In 1849, the US Supreme Court decided that might makes right—The only legitimate institutions are those with enough power to defend themselves.
Rounding out his history of the Early Modern period, Condorcet explains the linkages between philosophy and politics on both ends of the Atlantic.
Horton was a clear example of black Americans’ “nation within a nation,” contributing to wider American life while retaining unique experience.
Though the Old South’s feudal institutions treated slaves as mere property, they lived in and helped create a rapidly modernizing world.
During the English Civil Wars, it seemed to many that the Earth’s “Great Ones” were busily destroying themselves—so the Diggers seized their moment.
When the Diggers occupied St. George’s Hill, they stood on generations of leveller history protesting aristocratic enclosures of common lands.
For our author, the print revolution ushered in both an unstoppable flood of progress and the massive, abosolute, bureaucratic central state.
Whether rationalists or empiricists, the first modern philosophers gave us all good reasons to doubt the dictates of either kings or priests.
No mere whig historian, Condorcet recognized that alongside wonderful, liberty-maximizing inventions like printing came modern states and global slavery.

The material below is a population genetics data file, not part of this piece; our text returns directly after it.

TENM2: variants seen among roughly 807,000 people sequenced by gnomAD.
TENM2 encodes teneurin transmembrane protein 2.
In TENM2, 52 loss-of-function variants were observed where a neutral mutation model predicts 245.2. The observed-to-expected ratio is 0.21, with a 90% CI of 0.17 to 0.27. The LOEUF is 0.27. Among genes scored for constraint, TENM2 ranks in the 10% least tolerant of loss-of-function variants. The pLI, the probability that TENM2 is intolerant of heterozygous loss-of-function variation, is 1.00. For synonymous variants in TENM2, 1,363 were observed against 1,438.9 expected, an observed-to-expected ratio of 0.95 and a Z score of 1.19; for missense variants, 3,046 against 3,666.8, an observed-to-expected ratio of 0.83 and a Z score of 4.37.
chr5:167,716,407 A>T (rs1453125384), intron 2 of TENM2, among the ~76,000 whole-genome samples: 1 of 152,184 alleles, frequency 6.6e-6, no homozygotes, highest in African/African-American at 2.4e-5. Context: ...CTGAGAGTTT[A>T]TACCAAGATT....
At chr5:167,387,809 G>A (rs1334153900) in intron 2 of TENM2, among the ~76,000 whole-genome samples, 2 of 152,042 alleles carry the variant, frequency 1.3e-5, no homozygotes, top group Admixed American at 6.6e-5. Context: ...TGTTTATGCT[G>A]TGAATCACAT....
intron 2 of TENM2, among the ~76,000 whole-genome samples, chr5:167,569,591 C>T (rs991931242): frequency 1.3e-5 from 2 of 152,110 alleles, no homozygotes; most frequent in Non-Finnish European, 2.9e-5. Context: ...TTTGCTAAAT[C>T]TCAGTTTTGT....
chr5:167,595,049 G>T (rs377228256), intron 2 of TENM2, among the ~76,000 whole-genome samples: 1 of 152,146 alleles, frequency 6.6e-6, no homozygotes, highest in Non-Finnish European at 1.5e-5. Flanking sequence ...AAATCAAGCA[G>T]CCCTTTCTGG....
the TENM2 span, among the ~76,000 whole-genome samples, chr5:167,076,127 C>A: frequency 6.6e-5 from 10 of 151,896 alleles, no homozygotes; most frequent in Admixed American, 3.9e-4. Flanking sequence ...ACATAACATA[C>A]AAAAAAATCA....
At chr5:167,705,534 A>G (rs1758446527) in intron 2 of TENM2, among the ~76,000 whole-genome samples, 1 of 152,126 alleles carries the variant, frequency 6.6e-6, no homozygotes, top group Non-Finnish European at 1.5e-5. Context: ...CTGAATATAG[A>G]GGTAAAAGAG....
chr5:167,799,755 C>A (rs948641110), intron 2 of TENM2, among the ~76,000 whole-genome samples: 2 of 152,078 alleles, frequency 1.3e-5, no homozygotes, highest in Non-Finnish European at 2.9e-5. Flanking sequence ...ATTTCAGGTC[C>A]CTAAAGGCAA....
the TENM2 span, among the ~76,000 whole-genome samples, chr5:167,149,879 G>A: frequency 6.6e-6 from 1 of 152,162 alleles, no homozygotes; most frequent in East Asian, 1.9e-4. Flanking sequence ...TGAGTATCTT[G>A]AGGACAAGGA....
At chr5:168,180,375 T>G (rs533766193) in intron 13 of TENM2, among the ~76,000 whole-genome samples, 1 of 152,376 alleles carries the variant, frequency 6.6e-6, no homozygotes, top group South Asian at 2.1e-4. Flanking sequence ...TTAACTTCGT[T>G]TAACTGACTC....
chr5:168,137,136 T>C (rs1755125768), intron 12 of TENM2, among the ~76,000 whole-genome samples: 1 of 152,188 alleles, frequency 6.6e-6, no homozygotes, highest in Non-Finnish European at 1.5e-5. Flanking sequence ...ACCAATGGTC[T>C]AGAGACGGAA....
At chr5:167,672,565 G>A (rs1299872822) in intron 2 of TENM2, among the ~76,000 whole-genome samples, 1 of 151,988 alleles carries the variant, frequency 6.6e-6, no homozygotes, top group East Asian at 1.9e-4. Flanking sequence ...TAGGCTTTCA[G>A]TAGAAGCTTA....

Tucker’s final topics: anti-liberty laborers, alpaca entrepreneurship, harsh words for Walt Whitman and his Kaiser, and resolutions in memory of Spooner.
Reflecting on the death of Karl Marx, Tucker proclaims his high regard for Marx-as-Egalitarian…and his disgust for Marx-as-Authoritarian.
Tucker blasts notions that immigrants come bearing crime and socialism, argues for atheism, and heaps praise on Auberon Herbert.
Reacting to the deadly fiasco at Homestead, Pennsylvania, Tucker renews his alliance with labor in the face of industrialized corporate-capitalism.
Despite his initial reactions, Tucker settles in to sympathize with the “martyrs” convicted of and executed for the Haymarket Square bombing.
After surveying a string of possible arsons (by communists, for insurance fraud) and the Haymarket Square bombing, Tucker advises against all violence.
Tucker advised anarchists to stay away from both ballot boxes and cartridge boxes. Using force only ever causes more trouble and weakens liberty.
From withdrawing every sort of tax revenue to trans-Atlantic reform associations, Tucker argues that ‘passive resistance’ can kill the state.
Despite two decades (and more) of conservative suppression, radical Quakerism lived on over the ages thanks to pamphlets like Nayler’s.